Collaborative foundations of herding: The formation of cooperative groups among Tibetan pastoralists

Just got a paper published in Journal of Arid Environments on cooperation among Tibetan pastoralists.

You can read the paper here, it’s open access.

Luckily, the paper got published on the same day as I got grant applications rejected from the Research Council of Norway.

Why bring that up? Because the paper and one of the grant applications have some obvious parallels.

The paper documents why cooperation is vital for Tibetan pastoralists: it increases control of herds, reduces individual household’s labour demand and increases the potential for economic diversification.

Tibetan herder bring a subset of the herd back to camp for the night. Photo (C) Marius Warg Næss

The grant application extends this aspect: it wants to comparatively investigate pastoral cooperation by taking as its starting point that cooperative herding groups are a necessary component of pastoral life.

The paradox is that while it is almost impossible for pastoral households to maintain production without cooperative labour investment and mutual help from other households, a comparative perspective of cooperative herding group formation is currently lacking.

Moreover, while cooperation is widely documented, it is treated in a somewhat ad hoc fashion. For example, it has been used as an explanation for why there is no relationship between household labour investment and pastoral production (see this paper).

Furthermore, herding groups have been described as fluid: changing composition from year to year and between seasons. Thus, they have been viewed as less important than more extensive and more political, groupings.

My personal point of view that despite the instability of herding units, they represent an essential building block of nomadic societies because they are concerned with daily cooperation.

More to the point, we know relatively little about them: what evidence we have represent a snapshot in time. We lack longitudinal data as well as data concerning how cooperation is changing as a consequence of changes in land tenure.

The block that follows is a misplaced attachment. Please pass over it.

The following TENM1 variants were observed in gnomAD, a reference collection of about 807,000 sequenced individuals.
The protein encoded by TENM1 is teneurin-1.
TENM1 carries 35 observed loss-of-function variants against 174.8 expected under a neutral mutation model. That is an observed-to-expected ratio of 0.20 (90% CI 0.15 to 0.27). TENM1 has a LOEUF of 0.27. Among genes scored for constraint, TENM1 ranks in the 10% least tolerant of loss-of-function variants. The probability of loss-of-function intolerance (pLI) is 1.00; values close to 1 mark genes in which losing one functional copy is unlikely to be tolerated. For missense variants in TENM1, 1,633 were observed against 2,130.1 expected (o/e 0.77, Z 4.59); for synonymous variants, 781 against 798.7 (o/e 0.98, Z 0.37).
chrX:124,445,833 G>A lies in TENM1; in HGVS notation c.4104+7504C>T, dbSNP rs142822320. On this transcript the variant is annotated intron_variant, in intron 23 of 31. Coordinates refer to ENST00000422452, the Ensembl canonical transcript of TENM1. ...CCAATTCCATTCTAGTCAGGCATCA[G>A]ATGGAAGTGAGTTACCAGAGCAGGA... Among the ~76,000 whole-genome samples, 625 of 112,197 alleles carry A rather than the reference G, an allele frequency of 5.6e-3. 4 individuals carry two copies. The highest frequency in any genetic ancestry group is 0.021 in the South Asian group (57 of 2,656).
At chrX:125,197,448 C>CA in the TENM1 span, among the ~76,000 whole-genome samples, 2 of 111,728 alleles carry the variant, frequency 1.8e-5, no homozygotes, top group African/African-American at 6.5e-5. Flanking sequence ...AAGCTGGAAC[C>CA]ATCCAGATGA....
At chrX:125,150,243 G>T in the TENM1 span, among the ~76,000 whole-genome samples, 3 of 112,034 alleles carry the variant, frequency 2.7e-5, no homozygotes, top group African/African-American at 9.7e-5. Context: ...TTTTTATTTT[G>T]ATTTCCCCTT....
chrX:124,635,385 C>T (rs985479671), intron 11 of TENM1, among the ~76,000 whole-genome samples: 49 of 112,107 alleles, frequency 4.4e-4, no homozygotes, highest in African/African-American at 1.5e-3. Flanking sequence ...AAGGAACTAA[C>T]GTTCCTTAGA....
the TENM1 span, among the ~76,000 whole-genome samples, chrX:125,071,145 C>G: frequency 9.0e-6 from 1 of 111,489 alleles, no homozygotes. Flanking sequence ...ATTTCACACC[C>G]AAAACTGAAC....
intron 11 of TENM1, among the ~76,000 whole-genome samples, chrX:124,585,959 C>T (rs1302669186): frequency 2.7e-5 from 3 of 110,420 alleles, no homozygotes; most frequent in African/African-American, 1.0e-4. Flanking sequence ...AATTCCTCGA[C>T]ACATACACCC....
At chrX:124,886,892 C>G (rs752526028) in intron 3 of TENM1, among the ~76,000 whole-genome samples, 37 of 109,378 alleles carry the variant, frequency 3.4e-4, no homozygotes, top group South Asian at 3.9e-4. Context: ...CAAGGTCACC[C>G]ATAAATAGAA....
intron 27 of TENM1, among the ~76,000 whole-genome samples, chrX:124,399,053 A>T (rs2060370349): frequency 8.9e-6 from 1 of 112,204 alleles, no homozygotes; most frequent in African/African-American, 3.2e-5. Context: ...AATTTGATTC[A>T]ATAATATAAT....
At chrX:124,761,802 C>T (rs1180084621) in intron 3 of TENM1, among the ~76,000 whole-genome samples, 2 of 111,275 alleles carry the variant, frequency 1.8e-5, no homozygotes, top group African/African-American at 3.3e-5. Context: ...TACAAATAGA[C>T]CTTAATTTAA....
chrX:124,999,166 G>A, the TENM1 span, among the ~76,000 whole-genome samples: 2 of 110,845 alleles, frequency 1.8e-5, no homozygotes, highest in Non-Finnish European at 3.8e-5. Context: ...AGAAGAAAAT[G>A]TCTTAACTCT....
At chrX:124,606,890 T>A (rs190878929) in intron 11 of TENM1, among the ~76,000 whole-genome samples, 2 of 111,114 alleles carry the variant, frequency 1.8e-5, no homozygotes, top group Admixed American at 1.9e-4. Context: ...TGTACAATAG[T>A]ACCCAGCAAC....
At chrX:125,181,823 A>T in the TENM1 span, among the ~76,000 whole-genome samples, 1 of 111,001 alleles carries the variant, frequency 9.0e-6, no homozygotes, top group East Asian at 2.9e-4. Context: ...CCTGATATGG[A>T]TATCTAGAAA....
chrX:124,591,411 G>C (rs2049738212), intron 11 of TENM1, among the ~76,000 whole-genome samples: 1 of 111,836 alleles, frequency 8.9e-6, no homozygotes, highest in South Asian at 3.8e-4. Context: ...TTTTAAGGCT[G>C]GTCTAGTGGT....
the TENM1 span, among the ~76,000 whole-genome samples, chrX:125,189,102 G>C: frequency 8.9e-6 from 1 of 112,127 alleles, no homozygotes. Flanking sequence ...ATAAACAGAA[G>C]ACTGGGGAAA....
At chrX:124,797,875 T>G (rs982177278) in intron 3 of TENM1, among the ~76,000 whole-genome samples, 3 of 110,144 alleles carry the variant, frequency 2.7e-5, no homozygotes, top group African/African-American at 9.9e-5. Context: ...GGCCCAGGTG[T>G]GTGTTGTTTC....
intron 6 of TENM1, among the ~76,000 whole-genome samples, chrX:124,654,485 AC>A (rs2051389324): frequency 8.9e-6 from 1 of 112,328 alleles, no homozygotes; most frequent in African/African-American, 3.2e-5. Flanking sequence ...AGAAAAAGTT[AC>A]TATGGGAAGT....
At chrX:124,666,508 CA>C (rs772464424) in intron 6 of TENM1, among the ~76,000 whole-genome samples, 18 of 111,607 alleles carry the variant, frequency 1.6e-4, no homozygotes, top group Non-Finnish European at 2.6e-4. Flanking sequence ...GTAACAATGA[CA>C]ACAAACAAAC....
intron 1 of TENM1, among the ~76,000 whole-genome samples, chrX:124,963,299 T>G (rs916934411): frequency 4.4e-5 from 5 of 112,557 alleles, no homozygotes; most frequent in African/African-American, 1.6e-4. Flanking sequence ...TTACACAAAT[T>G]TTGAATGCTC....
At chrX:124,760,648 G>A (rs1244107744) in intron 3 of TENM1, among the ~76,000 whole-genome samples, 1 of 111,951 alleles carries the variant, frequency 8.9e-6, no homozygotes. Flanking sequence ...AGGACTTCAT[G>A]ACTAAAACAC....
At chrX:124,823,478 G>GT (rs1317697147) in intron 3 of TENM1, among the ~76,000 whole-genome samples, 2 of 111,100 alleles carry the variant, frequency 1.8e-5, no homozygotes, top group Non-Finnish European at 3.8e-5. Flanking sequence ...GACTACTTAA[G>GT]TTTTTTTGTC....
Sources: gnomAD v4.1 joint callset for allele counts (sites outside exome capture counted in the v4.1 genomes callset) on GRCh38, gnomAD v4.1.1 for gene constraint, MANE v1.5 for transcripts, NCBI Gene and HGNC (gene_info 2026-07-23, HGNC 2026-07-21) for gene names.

While getting grant rejections sucks, I still think this is a worthwhile project that I’ll pursue.

Anyone interested in collaborating on such a project is welcome to contact me.

Cultural group selection and the evolution of reindeer herding in Norway

The debate about reindeer husbandry in Norway is characterised by two contrasting views.

On one hand is the prevailing view of overstocking and rangeland degradation.

On the other hand, is the view that overstocking and overuse represents a misreading of the Arctic landscape that perpetuates a dominant crisis narrative that functions as “… an enduring ‘social fact’, whose narrative reality is in large part decoupled from its supposed scientific basis” (Benjaminsen et al. 2015:228).

While the overstocking perspective is based on a presumed ‘Tragedy of the Commons’, the other perspective argue that reindeer herding is characterised as a non-equilibrium system

“…where herbivore populations fluctuate randomly according to external influences, [and] the concepts of carrying capacity and overgrazing have no discernible meaning” (ibid.:223).

In my new paper, Cultural Group Selection and the Evolution of Reindeer Herding in Norway, I argue differently.

Through a comparative historical analysis, I argue that herding is better viewed as an assurance game with two different strategies for minimising risk:

  1. maximising quantity (i.e., increasing livestock numbers or herd size)
  2. maximising livestock quality (i.e., increasing livestock body mass)

I demonstrate that intra-group competition has led to the
adoption of (1) in the Northern parts of Norway, while inter-group competition has led to the adoption of (2) in the Southern parts.

Read the full paper here.